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by Mike Zazaian September 22, 2006 - 1:00pm, 6 Comments

Close-up of a salamanderPhoto by Steven Pinker

Amid a slew of soldiers left limbless in the wake of the Iraq war, Darpa is increasing research on techniques that might someday help people grow their own limbs back.

The effort will be set up as a contest. Two teams at 10 different research facilities across the country will compete to grow the first human limb by giving humans the same regenerative properties as salamanders and other amphibians. A $7.6 Million grant will fund the efforts, with more money on the way if the initial efforts of the project are a success.

A key difference between the growth of Humans and amphibians is the Blastema, a mass of cells that can turn into any number of body parts in amphibians. Unfortunately, blastemas are absent in the human genome, which is where Darpa steps in. According to Stephen Badylak, a team leader and director of the Center for Pre-Clinical Tissue Engineering at the University of Pittsburgh’s McGowan Institute for Regenerative Medicine:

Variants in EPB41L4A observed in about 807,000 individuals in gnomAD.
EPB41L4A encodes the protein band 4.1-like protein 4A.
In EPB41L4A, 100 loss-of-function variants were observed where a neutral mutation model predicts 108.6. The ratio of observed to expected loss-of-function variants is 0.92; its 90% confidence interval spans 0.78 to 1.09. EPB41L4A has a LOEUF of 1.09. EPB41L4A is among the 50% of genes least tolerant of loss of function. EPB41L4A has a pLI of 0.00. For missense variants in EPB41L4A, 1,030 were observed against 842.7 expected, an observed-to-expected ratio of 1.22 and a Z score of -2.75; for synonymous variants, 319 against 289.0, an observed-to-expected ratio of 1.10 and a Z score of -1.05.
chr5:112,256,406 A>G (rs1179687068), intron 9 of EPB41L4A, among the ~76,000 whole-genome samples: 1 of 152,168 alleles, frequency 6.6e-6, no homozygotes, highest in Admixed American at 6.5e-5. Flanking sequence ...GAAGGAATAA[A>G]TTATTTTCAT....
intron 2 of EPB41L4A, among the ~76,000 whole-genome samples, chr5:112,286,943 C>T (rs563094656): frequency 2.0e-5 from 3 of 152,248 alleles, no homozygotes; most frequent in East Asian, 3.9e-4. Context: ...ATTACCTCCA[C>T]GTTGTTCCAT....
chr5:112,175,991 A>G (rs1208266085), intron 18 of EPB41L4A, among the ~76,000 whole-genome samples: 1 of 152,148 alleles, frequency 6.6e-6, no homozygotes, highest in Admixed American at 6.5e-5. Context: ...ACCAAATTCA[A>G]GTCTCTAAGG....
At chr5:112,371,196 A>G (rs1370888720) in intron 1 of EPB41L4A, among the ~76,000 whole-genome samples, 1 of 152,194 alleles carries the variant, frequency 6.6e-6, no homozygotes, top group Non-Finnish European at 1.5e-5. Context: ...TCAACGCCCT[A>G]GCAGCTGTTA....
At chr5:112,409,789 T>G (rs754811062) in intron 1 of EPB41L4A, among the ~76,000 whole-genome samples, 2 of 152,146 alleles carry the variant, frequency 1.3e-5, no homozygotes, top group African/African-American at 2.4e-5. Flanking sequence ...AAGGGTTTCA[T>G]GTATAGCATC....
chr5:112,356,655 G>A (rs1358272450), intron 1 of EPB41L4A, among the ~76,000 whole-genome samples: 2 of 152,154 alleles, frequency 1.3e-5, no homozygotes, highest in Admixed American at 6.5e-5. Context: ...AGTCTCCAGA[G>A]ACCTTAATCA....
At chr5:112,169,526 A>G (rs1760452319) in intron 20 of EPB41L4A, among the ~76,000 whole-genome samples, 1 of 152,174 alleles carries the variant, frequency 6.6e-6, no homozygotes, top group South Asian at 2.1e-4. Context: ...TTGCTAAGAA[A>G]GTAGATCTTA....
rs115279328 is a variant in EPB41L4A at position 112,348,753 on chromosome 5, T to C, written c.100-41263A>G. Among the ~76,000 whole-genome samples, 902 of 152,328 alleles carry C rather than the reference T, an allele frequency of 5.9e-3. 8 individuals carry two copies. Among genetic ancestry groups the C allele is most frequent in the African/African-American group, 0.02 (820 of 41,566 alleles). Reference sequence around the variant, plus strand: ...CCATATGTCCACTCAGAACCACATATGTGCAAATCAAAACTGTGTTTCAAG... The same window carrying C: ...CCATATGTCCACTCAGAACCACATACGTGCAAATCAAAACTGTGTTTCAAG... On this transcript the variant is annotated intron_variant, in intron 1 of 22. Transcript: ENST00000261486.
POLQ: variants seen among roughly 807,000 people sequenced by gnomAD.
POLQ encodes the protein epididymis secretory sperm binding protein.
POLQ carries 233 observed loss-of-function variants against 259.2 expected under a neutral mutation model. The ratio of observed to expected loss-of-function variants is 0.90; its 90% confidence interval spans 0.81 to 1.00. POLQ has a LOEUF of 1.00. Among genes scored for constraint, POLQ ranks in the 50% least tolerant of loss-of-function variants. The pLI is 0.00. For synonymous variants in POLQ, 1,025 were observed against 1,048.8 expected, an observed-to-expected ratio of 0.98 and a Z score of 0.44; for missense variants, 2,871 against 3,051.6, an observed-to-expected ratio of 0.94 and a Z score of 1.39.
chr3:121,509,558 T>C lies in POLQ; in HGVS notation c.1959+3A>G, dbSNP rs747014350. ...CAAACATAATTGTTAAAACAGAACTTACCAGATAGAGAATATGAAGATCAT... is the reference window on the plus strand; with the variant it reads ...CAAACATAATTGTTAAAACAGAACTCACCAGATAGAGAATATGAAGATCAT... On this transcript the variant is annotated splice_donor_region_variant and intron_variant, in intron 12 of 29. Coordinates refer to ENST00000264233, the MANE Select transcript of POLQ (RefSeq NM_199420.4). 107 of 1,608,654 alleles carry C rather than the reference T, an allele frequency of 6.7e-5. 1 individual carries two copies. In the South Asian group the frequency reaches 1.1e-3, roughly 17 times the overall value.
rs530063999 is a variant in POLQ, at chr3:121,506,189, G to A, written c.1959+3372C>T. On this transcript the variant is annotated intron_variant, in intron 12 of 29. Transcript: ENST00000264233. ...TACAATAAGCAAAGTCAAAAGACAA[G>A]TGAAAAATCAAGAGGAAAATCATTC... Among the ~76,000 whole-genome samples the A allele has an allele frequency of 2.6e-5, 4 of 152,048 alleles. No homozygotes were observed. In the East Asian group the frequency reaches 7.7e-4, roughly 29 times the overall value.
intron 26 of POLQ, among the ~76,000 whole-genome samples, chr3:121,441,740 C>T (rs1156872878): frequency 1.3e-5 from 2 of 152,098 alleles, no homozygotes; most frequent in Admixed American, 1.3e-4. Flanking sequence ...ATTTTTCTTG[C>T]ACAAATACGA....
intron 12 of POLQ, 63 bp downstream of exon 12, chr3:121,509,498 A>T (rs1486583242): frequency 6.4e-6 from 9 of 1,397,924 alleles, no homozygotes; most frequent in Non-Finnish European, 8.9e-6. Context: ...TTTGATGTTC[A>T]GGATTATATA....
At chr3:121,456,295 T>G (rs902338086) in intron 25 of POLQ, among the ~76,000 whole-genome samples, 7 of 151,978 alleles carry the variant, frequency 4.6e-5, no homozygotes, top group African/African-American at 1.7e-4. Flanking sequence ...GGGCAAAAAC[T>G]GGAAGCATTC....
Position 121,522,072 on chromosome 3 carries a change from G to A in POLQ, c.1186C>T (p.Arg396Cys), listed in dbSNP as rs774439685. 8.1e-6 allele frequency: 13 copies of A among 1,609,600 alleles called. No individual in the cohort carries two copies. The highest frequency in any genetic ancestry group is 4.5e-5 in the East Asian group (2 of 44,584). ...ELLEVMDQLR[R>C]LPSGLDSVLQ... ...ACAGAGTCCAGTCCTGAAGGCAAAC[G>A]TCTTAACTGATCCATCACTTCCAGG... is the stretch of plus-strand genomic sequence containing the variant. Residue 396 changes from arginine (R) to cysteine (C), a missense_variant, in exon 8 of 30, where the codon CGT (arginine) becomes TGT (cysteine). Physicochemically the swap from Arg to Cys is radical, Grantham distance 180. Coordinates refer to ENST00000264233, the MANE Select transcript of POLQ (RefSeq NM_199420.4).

We have to show we can do that in a mammal by 24 months — and by 48 months we have to show that we can actually regrow digits…This really is a Star Wars-type project.

Mammals are able to regenerate limbs during the fetal stage, but not thereafter. Amphibians on the other hand can regenerate several body parts if lost. Eyes, limbs, and even spinal cords are regrown if damaged or severed in amphibian bodies. Said Badylak:

We’re looking for what genes get turned on and off to make one regenerative and one not. We can regenerate as a fetus. We know the potential is there, but it’s a matter of unlocking that potential.

[via Wired]